To augment these, I made up a few breakout boards. Using stripboard, I created a power distribution board which takes power from the DK3 and provides it via rows of DuPoint headers. As we as providing power to my other breakout boards, it’s a way of tying signals high or low.

Using a prototyping board, I set up a row of 24 DIP switches to emulate an address bus, a data bus or other signals.

And I also have a board with 16 LEDs, driven via a buffer, to show outputs from the CPLD.

Another fine mess.

Getting to know CUPL

This is not going to be a CUPL tutorial. I don’t yet know enough about it to write one of those. The truth is I came into this feeling quite daunted by the language and its concepts, but quickly got to the point of thinking, “oh, is that all there is?”.

Well, no. I managed to write three working pieces of code in a day, but I realise I’ve only scratched the surface of what it can do.

But before we get ahead of ourselves, let’s look at what I wanted to achieve.

The goals

My current address decoding scheme for the Zolatron 64 has eight addresses for I/O. But these are 1KB apart, which seems wasteful. You can get over-obsessed with highly granular decoding, but I wanted something a little more sophisticated. I decided to keep the current 1KB slots but also allocate another eight slots just 32-bytes apart. These actually sit in the top part of the uppermost 1KB slot.

These addresses will be used for selecting I/O, so only one should be low at a time. I used a 74xx138 to decode the 1KB slots, but the smaller ones require a lot more inputs – eight of them, not including the clock.

For example, I have a Flash memory chip – an SST39SF0101A – that sits at address $8000. That address gets selected when A15 is high and both A14 and A13 are low. As is common, its chip enable pin is active low (/CE).

In the Zolatron 64’s memory map, that address is the start of an 8KB block. But the Flash chip is capable of holding 128KB. For this reason, it has address pins A0-A16.

Now, we could use a few logic gates to ensure a low signal when A13-A15 are in the appropriate states and just use the lowest 8KB of the flash chip. But that’s very wasteful.

Instead, what I want to be able to do is treat the Flash memory as 16 ‘banks’, each 8KB in size. Once a bank is selected, I want it to remain the active bank until such time as I select a different one. Which is why the word ‘latch’ is marching steadily towards this post.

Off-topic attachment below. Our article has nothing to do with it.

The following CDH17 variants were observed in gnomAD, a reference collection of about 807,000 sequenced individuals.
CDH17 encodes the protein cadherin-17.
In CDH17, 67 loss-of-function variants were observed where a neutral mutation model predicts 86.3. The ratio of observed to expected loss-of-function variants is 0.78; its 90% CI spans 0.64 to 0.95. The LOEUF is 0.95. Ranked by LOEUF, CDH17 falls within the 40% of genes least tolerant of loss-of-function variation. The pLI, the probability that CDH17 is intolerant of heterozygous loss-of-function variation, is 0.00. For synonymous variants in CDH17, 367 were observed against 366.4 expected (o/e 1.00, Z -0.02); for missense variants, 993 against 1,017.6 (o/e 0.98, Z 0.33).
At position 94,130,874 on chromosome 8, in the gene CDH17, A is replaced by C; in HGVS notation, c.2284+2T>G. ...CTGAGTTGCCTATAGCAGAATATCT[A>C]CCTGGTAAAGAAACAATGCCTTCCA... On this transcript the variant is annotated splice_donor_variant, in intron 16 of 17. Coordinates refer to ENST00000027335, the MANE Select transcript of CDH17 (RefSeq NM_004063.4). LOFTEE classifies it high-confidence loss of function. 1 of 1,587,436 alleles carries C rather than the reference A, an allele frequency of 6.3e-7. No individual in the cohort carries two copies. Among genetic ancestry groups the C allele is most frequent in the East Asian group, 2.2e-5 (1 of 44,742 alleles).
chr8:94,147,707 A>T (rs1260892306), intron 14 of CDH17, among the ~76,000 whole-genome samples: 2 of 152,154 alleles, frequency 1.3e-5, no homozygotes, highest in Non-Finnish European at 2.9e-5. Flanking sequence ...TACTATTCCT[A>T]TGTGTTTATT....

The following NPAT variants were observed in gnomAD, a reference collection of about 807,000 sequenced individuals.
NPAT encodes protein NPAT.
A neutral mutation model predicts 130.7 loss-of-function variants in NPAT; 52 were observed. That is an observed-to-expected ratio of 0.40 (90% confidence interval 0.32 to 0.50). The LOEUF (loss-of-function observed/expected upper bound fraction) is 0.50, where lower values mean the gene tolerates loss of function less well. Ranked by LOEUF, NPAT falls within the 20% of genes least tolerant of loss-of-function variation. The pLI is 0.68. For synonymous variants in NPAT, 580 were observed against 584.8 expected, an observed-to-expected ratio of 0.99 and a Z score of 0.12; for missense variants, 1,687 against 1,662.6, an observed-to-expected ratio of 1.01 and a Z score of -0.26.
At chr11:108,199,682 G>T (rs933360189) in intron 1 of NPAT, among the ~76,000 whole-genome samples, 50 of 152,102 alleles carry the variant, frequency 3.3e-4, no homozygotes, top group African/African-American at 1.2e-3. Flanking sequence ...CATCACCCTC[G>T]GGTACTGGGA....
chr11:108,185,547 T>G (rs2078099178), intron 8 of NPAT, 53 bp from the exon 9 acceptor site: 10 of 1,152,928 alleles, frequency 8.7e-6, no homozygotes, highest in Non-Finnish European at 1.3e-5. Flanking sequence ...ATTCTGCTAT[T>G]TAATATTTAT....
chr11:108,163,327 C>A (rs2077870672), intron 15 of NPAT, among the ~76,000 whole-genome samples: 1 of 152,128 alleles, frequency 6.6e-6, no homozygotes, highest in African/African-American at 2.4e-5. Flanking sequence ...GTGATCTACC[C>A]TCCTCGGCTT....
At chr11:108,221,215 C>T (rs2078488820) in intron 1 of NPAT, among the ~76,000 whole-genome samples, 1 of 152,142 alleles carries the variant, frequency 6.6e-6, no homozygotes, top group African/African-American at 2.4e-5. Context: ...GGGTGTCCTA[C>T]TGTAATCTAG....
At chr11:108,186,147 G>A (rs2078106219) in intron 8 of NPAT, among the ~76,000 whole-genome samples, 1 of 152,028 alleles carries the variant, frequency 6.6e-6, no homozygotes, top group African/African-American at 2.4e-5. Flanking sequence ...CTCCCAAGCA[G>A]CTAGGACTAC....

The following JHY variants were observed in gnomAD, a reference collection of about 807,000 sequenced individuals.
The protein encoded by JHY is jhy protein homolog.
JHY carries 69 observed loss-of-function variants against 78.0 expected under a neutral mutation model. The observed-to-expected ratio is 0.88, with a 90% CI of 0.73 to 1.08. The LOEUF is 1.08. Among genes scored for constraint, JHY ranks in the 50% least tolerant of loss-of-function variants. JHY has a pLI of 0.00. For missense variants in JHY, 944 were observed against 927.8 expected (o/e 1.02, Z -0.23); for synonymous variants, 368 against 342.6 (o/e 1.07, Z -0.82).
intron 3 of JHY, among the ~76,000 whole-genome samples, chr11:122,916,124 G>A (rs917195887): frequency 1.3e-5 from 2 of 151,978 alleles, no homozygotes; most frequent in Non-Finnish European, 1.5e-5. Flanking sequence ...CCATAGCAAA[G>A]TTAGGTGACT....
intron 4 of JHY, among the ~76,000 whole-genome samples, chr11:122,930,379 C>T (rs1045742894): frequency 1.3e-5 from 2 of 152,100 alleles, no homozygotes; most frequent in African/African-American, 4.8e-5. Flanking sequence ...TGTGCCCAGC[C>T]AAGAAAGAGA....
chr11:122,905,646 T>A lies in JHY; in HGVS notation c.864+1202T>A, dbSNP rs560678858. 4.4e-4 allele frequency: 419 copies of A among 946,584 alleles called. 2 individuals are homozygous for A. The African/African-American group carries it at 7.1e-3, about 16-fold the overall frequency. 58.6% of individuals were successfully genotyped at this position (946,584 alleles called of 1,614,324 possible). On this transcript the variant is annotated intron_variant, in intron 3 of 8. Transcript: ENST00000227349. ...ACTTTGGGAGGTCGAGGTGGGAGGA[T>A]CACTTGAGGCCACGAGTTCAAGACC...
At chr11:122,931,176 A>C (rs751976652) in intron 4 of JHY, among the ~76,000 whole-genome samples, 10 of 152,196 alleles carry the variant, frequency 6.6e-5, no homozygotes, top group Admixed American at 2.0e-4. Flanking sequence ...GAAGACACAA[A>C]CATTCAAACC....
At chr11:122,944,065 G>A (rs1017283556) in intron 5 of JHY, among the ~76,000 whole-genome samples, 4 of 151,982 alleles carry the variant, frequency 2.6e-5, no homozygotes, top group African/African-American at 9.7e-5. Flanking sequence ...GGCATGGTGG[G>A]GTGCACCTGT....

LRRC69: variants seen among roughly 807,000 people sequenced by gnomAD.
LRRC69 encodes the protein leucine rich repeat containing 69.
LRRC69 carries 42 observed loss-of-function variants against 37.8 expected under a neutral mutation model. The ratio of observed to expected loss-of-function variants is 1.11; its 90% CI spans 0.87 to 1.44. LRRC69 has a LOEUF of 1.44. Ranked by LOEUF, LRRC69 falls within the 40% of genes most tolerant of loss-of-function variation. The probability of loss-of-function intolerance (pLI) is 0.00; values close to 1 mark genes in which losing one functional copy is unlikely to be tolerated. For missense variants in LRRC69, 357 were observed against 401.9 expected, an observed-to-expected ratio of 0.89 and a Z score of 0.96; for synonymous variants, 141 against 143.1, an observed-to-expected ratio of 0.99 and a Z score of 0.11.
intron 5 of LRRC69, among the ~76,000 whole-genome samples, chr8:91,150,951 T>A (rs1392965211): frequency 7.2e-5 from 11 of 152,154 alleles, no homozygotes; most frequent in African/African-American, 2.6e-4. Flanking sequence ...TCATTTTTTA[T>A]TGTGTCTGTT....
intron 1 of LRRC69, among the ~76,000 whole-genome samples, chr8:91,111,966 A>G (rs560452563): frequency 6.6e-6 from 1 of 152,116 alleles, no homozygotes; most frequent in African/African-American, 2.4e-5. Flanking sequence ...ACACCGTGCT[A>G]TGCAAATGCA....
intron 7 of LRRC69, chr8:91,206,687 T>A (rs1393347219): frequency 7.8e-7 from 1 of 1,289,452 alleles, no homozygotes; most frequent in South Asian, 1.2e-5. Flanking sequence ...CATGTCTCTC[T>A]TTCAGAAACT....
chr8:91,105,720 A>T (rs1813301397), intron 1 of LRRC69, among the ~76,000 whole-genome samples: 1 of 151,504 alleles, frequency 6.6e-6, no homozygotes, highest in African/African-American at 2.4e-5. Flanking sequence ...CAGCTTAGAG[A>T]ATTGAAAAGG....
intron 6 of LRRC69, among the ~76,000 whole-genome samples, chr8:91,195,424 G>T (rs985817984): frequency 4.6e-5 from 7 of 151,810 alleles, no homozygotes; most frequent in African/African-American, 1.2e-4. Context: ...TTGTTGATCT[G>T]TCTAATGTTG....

The idea is that selecting the bank is a simple matter of writing a value (0-15, or $0-$F if you prefer hex) to a memory address – ie, one of the new 32-byte I/O addresses. I chose the address $BFE0. That address is selected when A14 is low and A15 plus A13-A8 are high. Note how that means seven address pins need to be high at the same time. Checking for that state using discrete logic ICs could get messy. Plus you have to add the low A14 into the mix and qualify everything with a high clock state.

I’ve covered before how one can use something like the classic 74xx138 for address decoding. But this situation is different. There, you have a three-bit input deciding which of eight output pins goes low. But only one of the outputs is ever selected (or none). And it’s not latched, so when the processor moves on to the next instruction, the decoded output goes away.

What I need is for four inputs pins (giving values in the range 0-15) to control the pattern of four output pins, which are connected to address pins A13-A16 on the Flash chip. That’s how you select which bank to use. And those output pins need to be latched.

Now, you can do this sort of thing with all manner of latches, but then we still have the messy decoding issue. A CPLD makes it simple to do everything in one place.

Implementing the logic

The ‘code’ you write in CUPL describes what the hardware should do. The CUPL compiler then works out how to achieve that. Let’s look at it piece by piece.

/* *************** INPUT PINS ******************** */
PIN 2 = CLK ;                            /* PHI2 clock                   */
PIN [33,34,35,42,43,44,5,6] = [A15..8] ; /* Addr pins to enable I/O      */
PIN 8 = ASEV;                            /* Addr pins to select I/O bank */
PIN 10 = ASIX;                           /* "                            */ 
PIN 11 = AFIV;                           /* "                            */ 
PIN [30,31,40,3] = [D3..0] ;             /* Data bus, to select mem bank */

Here we’ve assigned input pins. These assignments give the pins names we can use in our logic, such as CLK, A15, A14 etc.

The CLK is connected to the computer’s PHI2 clock signal. The next lots of pins are connected to address bus signals. Note how we can declare a range [A18..8] to designate an indexed series of labels, much like an array. Three more address signals get pin assignments. Why not include these in the previous array? Because there are operations we want to carry out later where you’re not allowed to mix ordinary names with indexed ones. Finally, we link four pins to the lowest four data bus signals.